| Last updated
As the Beijing Winter Olympics kicks off, viewers at home probably won't notice anything strange about the snowy landscape that will form the backdrop to the games, but if you look closer, not everything is as it seems.
According to a recent study, the 2022 Winter Olympics will be the first in which most of the snow that athletes are competing on is fake.
With the areas being used to stage events around Beijing not having reliable enough snowfall, the organisers of the games have instead been using snow generators to create around 1.2 million cubic meters of snow set to be distributed around the venues for athletes to ski and snowboard on.
Artificial snow has been described as more of a kind of 'slush,' made from water droplets that are broken up and then crystalised into frozen flakes. The end product is more compact than natural snow, and over the years its come in for some criticism from athletes who claims it's not as friendly a surface as the real stuff.
According to one coach for Team USA, taking a spill on the artificial surface 'can feel like falling on concrete.'
'Artificial snow is icier, therefore faster and more dangerous, it also hurts more if you fall outside of the course when there is no fluffy snowbank, but a rocky and muddy hard ground,' Estonian winter Olympian Johanna Taliharm told AP.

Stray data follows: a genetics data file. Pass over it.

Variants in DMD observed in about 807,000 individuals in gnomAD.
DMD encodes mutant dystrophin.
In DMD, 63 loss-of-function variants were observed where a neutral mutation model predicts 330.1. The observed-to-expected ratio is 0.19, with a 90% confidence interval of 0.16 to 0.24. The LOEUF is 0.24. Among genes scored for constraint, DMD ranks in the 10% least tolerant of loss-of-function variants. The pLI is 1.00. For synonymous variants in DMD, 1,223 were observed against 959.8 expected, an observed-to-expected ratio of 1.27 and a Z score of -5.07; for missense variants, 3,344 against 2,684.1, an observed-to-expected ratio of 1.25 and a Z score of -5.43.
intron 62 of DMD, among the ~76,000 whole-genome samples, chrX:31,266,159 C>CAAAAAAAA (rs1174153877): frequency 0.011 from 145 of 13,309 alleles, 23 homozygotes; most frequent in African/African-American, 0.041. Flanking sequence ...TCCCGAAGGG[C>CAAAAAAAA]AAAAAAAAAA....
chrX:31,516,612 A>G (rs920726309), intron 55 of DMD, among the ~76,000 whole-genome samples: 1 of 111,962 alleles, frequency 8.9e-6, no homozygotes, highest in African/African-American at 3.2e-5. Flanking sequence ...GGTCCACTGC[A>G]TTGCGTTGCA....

Olympics organisers have pushed back on claims the fake snow is less safe, and have pointed out that several events on the ski circuit have been using artificial snow for years.
One IOC official told CNET: 'To the contrary, it creates a more consistent surface from the top to bottom - or start to finish - of a course. The iciness and density of the surface is dependent on the needs of the given competition and the preparation of the course, not on the source of the snow.'
The process used to create such huge amounts of artificial snow has also been criticised for its environmental impact, with the study by Loughborough University finding that 'even if powered by renewables, a huge amount of energy is needed which is both costly and can be a significant drain on water resources.'
The IOC says all its fake snow is made using wind and solar energy, and that measures have been put in place to ensure the massive amounts of water required to make the snow doesn't impact water conservation or supply for local residents.
If you have a story you want to tell, send it to UNILAD via [email protected]m
Chosen for YouChosen for You
Most Read StoriesMost Read